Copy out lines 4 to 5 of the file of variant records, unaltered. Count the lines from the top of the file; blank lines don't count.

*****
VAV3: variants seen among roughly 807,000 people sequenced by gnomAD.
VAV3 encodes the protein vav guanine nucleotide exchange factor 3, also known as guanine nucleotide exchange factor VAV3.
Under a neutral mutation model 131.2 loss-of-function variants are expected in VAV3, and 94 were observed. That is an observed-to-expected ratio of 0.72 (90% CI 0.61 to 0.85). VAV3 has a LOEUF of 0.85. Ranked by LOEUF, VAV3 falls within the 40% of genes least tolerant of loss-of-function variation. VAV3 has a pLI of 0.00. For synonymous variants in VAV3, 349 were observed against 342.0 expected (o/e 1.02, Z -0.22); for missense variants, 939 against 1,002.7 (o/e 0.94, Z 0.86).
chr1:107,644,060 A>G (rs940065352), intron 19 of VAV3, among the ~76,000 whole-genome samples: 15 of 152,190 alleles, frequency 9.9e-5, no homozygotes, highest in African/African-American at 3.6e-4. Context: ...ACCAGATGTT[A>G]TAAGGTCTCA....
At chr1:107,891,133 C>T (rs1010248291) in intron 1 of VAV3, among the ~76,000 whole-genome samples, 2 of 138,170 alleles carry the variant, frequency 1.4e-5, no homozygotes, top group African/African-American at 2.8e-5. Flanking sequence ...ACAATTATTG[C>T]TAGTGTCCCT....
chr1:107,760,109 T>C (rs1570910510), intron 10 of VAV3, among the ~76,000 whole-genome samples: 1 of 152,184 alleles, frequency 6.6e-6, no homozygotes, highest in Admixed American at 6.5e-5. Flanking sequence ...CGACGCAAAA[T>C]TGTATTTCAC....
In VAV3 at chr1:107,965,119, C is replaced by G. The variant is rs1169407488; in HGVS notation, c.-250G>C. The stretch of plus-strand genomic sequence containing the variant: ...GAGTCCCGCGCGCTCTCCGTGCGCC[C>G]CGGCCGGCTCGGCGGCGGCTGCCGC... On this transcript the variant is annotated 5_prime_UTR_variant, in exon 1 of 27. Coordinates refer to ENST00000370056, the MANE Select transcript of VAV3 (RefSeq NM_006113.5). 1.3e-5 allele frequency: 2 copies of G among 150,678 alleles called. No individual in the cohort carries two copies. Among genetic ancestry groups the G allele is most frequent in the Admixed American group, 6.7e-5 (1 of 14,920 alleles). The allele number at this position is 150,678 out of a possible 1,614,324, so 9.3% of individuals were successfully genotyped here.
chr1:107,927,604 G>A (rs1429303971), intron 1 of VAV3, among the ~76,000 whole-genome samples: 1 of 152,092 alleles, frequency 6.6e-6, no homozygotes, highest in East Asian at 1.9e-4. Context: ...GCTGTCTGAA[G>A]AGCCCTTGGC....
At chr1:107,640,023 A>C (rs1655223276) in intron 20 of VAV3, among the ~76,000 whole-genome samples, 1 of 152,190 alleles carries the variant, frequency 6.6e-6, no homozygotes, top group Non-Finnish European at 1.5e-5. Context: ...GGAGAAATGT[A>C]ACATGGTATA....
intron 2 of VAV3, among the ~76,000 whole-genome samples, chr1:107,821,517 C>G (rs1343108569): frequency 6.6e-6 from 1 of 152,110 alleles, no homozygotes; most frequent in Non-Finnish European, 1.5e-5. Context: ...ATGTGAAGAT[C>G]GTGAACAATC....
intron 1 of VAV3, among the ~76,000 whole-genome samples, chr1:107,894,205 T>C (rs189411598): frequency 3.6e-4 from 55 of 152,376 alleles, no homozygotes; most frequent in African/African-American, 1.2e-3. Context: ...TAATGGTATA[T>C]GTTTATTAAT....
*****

chr1:107,644,060 A>G (rs940065352), intron 19 of VAV3, among the ~76,000 whole-genome samples: 15 of 152,190 alleles, frequency 9.9e-5, no homozygotes, highest in African/African-American at 3.6e-4. Context: ...ACCAGATGTT[A>G]TAAGGTCTCA....
At chr1:107,891,133 C>T (rs1010248291) in intron 1 of VAV3, among the ~76,000 whole-genome samples, 2 of 138,170 alleles carry the variant, frequency 1.4e-5, no homozygotes, top group African/African-American at 2.8e-5. Flanking sequence ...ACAATTATTG[C>T]TAGTGTCCCT....